Rarely does anyone ask me about the most difficult tasks of a church music director. It may surprise you, but preparing the music for Sunday morning is one of the simplest responsibilities of the music director. We study for years to earn college degrees that give us the technical skills to play the music for the services including a prelude, offertory, postlude, anthem and solo accompaniments. What we are not taught in academic studies is how to select anthems that will satisfy all the various expectations for the service. Of course, the pastor seeks music that enhances the liturgy of the day, and this is always our top priority, but there are scriptures for many services for which there are not available anthems.
So many other factors must be considered. What music are our singers able to sing? What do you sing when our soprano and alto sections need additional singers? Who is available to sing a solo, play an instrument, participate in an ensemble? What music does the congregation like? And, musical tastes today are very diverse. People like classical church repertoire from many centuries. Others enjoy gospel, some country, some fast, some slow, and the list is as long as the number of people.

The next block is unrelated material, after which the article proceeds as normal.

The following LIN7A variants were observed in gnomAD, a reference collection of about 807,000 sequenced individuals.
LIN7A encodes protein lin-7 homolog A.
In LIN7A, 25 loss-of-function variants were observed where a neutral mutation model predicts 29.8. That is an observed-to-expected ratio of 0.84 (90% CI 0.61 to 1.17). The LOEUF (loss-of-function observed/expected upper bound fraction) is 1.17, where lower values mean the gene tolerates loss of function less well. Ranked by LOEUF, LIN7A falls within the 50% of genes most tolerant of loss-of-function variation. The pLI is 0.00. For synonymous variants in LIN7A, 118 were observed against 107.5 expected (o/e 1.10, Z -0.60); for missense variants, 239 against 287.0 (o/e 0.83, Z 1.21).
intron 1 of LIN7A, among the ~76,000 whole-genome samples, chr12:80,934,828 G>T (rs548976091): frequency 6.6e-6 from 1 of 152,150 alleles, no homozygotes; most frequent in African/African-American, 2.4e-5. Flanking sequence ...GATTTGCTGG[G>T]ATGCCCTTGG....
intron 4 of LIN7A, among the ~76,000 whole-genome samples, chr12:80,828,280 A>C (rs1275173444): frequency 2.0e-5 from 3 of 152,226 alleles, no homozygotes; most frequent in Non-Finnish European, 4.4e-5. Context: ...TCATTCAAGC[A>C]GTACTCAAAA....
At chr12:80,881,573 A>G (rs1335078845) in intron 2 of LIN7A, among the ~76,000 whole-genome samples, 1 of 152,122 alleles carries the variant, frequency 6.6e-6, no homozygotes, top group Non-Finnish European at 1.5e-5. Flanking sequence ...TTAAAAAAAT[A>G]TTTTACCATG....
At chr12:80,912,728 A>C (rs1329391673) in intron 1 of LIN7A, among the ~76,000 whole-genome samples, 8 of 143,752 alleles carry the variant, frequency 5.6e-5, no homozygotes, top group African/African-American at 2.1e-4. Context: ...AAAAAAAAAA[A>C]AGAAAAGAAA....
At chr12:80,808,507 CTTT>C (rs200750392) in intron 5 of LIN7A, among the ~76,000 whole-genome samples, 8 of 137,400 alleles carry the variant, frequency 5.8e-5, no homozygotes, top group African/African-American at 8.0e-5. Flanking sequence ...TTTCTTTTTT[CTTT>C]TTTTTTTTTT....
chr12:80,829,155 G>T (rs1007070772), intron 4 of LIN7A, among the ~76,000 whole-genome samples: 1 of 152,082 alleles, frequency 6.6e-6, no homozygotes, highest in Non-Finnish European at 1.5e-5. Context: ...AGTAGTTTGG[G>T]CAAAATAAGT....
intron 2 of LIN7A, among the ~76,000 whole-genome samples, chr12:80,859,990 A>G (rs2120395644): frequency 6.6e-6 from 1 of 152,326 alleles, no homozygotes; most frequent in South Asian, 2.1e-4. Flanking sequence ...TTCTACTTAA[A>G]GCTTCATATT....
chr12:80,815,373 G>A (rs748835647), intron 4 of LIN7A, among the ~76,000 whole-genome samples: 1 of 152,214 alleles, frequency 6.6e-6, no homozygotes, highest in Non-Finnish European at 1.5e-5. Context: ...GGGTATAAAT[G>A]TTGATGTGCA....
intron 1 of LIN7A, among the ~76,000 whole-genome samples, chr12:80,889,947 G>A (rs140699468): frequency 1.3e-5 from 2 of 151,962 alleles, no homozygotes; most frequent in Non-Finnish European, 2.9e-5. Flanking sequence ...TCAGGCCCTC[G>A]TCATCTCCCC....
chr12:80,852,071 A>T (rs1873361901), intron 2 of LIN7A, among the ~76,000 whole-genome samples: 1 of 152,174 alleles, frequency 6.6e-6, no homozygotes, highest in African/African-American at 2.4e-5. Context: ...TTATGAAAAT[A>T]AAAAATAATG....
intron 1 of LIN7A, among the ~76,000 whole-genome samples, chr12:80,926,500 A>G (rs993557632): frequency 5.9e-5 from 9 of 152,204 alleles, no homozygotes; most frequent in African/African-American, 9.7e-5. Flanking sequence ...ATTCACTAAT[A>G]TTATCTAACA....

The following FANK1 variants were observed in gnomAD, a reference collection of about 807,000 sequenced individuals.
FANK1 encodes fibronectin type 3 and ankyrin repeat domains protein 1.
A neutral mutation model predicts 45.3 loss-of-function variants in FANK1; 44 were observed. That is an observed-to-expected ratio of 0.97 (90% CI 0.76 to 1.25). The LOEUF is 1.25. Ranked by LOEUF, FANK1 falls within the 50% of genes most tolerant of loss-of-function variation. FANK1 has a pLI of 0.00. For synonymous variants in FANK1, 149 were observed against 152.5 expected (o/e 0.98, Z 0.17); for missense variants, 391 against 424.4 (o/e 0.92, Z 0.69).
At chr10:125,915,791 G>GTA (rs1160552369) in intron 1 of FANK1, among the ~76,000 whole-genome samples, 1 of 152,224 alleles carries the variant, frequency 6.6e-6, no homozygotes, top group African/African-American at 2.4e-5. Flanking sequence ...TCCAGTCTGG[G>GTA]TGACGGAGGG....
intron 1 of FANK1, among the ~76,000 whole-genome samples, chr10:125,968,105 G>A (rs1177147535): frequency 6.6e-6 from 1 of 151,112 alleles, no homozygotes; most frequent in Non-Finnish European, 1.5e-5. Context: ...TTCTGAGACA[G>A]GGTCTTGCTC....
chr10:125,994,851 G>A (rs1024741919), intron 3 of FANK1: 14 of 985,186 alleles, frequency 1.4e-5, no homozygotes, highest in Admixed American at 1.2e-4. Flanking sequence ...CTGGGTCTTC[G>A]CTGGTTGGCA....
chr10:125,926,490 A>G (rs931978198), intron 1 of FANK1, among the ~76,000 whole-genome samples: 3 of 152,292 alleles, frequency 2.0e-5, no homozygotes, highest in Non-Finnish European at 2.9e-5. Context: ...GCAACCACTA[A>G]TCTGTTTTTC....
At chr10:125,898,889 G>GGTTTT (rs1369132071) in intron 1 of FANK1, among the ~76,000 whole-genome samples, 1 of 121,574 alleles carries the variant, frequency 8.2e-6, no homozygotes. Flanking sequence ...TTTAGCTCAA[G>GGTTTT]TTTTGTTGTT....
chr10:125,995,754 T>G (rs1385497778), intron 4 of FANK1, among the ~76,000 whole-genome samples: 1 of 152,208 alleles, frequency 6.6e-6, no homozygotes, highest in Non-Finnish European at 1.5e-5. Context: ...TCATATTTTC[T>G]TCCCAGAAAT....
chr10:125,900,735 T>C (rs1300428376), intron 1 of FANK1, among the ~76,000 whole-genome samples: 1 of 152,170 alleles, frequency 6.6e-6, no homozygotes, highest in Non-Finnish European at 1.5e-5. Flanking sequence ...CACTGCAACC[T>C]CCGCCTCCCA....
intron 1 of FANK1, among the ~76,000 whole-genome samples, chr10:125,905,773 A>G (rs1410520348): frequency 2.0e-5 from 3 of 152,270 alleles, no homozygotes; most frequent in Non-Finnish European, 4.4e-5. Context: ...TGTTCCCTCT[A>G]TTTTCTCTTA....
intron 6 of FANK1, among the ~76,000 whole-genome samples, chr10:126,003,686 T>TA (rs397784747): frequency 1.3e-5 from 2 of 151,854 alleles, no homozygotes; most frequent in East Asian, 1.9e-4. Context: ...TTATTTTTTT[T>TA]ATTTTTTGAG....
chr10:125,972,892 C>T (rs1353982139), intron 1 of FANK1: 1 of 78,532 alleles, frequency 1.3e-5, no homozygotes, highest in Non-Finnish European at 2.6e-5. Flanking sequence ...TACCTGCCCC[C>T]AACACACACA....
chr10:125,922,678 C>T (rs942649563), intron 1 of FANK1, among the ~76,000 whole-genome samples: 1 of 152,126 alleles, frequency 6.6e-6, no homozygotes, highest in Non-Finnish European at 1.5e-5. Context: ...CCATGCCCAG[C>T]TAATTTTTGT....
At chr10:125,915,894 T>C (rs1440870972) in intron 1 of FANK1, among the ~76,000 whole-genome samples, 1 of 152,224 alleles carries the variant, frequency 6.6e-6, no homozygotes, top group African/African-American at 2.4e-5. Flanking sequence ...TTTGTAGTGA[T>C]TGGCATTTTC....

When selecting music, I also strive to include repertoire that represents our Presbyterian traditions of the past several hundred years. We are so lucky to have the Glory to God Hymnal. This amazing resource has an extremely diverse collection of hymns and songs and abounds with excellent repertoire from this twenty-first century. One of the most useful parts of this new hymnal is at the end of the book, wonderful indices so critically important to the pastor and music director.
As always, I invite your suggestions. What selections helps enhance your worship of God? And remember, that our music is only as good as the people who help. Come sing in the choir and discover a whole new dimension to worship services.
Soli Deo Gloria, --Jack